Thiaminase

Thiaminases are enzymes that split/break down thiamine molecules  and make them inactive. Thiamine is Vitamin B1. Enzymes are proteins produced by cells of living organisms,  which can affect the regulation of the speed of certain organic reactions.
The substance thiaminase was discovered in 1932. When silver foxes (fur production) were fed daily with more than 10% raw fish the animals became paralysed. After Vitamin B1 was added to the food, the problems were over.
In general you can say that there are two types of thiaminase:

Type 1 – This is the most common form. Type 1 is a.o. found in fish, shellfish, ferns and some bacteria (including in certain intestinal bacteria of humans). This form is of interest to us.
Type 2 – Occurs in particular bacteria. I am not a dietitian or chemist or biologist, so I cannot tell you anything about this. But they seem not to be the trouble for us garter snake keepers.

Thiaminase the most active at temperatures between 30 and 40 ° C. (86 and 104 ° F.)

Thiamine_cation_3D_ball
Vitamin B1 (thiamine), moleculair model

For the garter snake keeper it is important what you should do in order to prevent snakes to get sick by the thiaminase. Below you see the list of fish species/families do or do not contain thiaminase.

Actually it is quite simple. Heat all fish (frozen or fresh, this does not matter) about five minutes in water of about 80 ° C. and the thiaminase is inoperative. You can also add extra Vitamin B1 to the food. This is available at a pharmacy.
I used to heat the fish, but because the fish gets soft and soggy, I stopped this.
The biggest part of the fish that I feed is smelt (Osmerus eperlanus) and this contains thiaminase. Every 3th or 4th feeding I add a multivitamin on the smelt and since a few years I also add some vitamin b1 . I do not heat the smelt. Next to smelt, I also feed the snakes with pinkies (only a few times to pregnant females and to juveniles), chicken heart, chicken stomach, chicken liver, etc. If you only give thiaminase containing fish to your snakes, you run undoubtedly more risk. It may also depend on the species to which extent they are sensitive for thiaminase.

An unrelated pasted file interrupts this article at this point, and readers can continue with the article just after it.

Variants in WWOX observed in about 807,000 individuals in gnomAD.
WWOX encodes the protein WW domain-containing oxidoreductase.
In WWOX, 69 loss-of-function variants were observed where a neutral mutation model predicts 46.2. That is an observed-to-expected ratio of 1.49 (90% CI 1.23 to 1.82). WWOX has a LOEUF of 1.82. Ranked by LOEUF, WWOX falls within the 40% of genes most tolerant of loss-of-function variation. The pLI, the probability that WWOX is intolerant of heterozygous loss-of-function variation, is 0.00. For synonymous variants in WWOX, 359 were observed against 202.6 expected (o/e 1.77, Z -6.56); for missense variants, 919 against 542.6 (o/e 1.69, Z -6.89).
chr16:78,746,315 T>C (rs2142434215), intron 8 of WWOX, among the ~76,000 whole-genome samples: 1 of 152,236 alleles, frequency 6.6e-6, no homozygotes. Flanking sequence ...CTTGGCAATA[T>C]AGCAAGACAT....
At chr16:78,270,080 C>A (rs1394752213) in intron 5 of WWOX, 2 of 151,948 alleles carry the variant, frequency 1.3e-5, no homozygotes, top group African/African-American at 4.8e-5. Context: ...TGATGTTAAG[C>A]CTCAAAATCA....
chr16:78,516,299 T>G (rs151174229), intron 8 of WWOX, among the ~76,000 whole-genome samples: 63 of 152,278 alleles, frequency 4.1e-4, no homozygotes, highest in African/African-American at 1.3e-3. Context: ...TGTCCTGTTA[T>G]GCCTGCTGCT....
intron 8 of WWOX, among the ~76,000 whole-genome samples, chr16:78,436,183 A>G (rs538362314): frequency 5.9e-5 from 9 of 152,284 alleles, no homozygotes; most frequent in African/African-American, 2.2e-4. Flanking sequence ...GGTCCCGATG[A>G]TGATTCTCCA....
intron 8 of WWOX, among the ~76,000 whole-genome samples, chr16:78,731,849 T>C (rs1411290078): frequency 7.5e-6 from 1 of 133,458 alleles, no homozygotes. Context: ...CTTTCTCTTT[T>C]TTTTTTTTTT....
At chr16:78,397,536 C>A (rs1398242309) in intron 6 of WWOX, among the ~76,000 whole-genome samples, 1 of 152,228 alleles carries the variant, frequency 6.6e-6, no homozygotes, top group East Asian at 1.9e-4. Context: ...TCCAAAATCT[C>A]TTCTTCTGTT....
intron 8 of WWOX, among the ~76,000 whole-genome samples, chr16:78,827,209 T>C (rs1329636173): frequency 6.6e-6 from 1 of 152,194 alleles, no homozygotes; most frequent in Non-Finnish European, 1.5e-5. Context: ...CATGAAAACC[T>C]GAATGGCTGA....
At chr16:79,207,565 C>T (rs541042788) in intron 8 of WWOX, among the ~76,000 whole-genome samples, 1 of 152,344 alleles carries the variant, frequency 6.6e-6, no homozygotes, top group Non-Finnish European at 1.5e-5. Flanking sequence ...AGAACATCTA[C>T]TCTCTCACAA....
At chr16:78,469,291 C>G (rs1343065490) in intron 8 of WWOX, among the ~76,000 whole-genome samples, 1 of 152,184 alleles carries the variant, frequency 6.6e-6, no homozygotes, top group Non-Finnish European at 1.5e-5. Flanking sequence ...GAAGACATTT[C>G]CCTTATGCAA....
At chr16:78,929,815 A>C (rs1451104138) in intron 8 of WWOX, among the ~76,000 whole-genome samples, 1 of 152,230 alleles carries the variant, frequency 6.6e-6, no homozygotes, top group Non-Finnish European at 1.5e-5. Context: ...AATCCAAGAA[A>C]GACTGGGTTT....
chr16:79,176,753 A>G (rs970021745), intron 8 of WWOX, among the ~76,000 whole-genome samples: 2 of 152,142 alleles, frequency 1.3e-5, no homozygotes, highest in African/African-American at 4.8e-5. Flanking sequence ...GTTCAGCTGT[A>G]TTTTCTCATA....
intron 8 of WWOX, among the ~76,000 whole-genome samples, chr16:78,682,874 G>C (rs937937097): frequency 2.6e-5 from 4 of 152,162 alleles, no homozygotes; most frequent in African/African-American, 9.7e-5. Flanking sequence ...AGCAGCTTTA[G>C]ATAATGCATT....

In this film you see a garter snake that presumably suffers from thiaminase in an early stadium.

If your snakes are suffering from thiaminase you see that by the following.
By the shortage of Vitamin B1 the muscles of the lower body get paralysed. At the same time the back muscles contract normal. This leads to the strange snake-movements. Sometimes a little corkscrew-like and jerky, but usually they are doing their head up high and do this too far which makes them fall over.
When you see these symptoms you need to act immediately. Injections with thiamine (Vitamin B1) usually solve the problem. Don’t experiment but go to you vet!img031
If the snake that is suffering from thiaminase still wants to eat, you can also put pure Vitamin B1 on the food. This is only useful if the symptoms are not so severe yet. Over dosage does not happen easily because the surplus Vitamin B1 is largely excreted.
You can also solve Vitamin B1 in some water and syringes it through a injection syringe with of a tube into the oesophagus of the snake.
Ask for help if you are not sure how to do these things
Then look at what you are doing wrong in terms of the food that you give.

It is absolutely vital that you are immediately going to treat it as you see signs of thiaminase in your snakes. But do not get too scared for it. It does not happens often that garter snakes get thiaminase.

The fish species listed below were examined on whether or not they contain thiaminase.
This research is not done for garter snake lovers, but for the commercial breeding of minks.
But we can also take advantage of it…